Plaintiffs argue that defendant should be precluded from suggesting that James assumed the risk of injury because defendant denies that the chain was defective and James cannot be deemed to have actual or constructive knowledge of a defect that does not exist. The court need not determine at this time whether defendant is barred from asserting the alternative defenses that the chain was not defective and, if it was, that James assumed the risk of injury at this stage.*fn2 This question will not come up unless defendant has presented sufficient evidence to submit the issue of assumption of the risk to the jury.
It is clear that under South Dakota law, to prevail on its assumption of the risk defense in this strict liability case, defendant must show that James was aware of a specific defect in the chain, had reasonable opportunity to decide whether to expose himself to this danger, and nevertheless used the chain. See Wangsness, 2010 WL 457356, at *3; Smith, 278 N.W.2d at 161; Novak, 46 F.3d at 849 (finding that under South Dakota law, plaintiff is entitled to instruction that he must have discovered the defect and been aware of the danger to be barred from recovery). Defendant has provided evidence that James understood that using a defective chain put his life at risk. But the court cannot determine whether this evidence is sufficient to support an assumption of the risk instruction before hearing all of the evidence at trial. And assumption of the risk is normally a question of fact for the jury. Berg, 355 N.W.2d at 835. Thus, the court cannot conclude at this stage that defendant is precluded from arguing that James assumed the risk of injury. Plaintiffs' motion in limine is denied.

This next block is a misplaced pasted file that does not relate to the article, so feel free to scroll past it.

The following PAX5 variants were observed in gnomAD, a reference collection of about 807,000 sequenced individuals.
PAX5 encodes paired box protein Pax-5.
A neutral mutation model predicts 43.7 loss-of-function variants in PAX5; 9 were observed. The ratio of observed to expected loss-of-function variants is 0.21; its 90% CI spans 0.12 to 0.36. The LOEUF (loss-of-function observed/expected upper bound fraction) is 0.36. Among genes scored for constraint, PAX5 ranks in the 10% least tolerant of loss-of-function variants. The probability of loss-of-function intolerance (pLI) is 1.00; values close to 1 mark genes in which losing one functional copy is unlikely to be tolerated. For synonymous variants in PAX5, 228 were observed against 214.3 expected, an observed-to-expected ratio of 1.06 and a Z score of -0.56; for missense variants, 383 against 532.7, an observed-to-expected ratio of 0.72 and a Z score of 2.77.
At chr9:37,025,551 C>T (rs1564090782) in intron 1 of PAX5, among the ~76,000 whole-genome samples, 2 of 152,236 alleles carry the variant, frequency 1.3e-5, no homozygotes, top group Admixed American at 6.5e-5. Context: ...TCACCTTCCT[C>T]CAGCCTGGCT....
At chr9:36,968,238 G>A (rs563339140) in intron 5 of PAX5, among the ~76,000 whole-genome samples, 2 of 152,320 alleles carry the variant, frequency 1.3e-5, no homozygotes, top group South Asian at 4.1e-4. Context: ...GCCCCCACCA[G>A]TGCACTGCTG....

C. No. 5--Misuse